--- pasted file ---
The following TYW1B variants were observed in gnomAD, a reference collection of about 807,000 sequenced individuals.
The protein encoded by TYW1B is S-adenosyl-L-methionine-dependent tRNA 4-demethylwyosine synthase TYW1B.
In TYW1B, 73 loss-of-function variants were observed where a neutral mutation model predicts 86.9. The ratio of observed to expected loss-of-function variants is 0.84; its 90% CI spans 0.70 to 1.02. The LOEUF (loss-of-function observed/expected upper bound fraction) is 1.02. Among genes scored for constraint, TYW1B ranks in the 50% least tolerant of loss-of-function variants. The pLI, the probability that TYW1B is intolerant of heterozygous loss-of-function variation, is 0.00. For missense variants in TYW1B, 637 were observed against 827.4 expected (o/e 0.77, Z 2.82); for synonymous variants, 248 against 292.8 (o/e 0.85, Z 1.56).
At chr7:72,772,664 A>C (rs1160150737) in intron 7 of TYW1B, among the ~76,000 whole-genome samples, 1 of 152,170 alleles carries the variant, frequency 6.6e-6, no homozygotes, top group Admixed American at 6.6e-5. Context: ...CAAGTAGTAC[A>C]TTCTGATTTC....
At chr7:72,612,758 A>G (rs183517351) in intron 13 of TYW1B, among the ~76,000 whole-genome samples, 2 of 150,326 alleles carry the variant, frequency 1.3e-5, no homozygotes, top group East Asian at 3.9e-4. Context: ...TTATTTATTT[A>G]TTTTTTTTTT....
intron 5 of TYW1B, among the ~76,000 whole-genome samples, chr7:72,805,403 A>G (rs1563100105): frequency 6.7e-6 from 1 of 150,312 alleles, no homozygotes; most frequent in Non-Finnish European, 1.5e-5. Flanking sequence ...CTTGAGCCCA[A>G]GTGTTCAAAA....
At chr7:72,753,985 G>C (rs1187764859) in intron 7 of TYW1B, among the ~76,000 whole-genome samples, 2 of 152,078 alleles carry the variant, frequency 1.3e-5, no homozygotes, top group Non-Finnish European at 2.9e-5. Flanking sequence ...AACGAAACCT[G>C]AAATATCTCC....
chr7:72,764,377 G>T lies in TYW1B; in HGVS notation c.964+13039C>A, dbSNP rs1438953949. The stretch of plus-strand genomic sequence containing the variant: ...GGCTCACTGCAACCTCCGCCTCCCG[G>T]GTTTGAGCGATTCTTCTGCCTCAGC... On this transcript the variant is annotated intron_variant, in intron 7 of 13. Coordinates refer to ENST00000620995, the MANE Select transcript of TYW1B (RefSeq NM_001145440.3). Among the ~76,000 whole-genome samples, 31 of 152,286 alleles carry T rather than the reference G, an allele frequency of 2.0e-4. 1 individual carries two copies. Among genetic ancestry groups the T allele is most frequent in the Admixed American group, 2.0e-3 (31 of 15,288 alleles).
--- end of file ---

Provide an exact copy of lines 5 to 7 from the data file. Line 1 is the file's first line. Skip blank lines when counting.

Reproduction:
At chr7:72,612,758 A>G (rs183517351) in intron 13 of TYW1B, among the ~76,000 whole-genome samples, 2 of 150,326 alleles carry the variant, frequency 1.3e-5, no homozygotes, top group East Asian at 3.9e-4. Context: ...TTATTTATTT[A>G]TTTTTTTTTT....
intron 5 of TYW1B, among the ~76,000 whole-genome samples, chr7:72,805,403 A>G (rs1563100105): frequency 6.7e-6 from 1 of 150,312 alleles, no homozygotes; most frequent in Non-Finnish European, 1.5e-5. Flanking sequence ...CTTGAGCCCA[A>G]GTGTTCAAAA....
At chr7:72,753,985 G>C (rs1187764859) in intron 7 of TYW1B, among the ~76,000 whole-genome samples, 2 of 152,078 alleles carry the variant, frequency 1.3e-5, no homozygotes, top group Non-Finnish European at 2.9e-5. Flanking sequence ...AACGAAACCT[G>C]AAATATCTCC....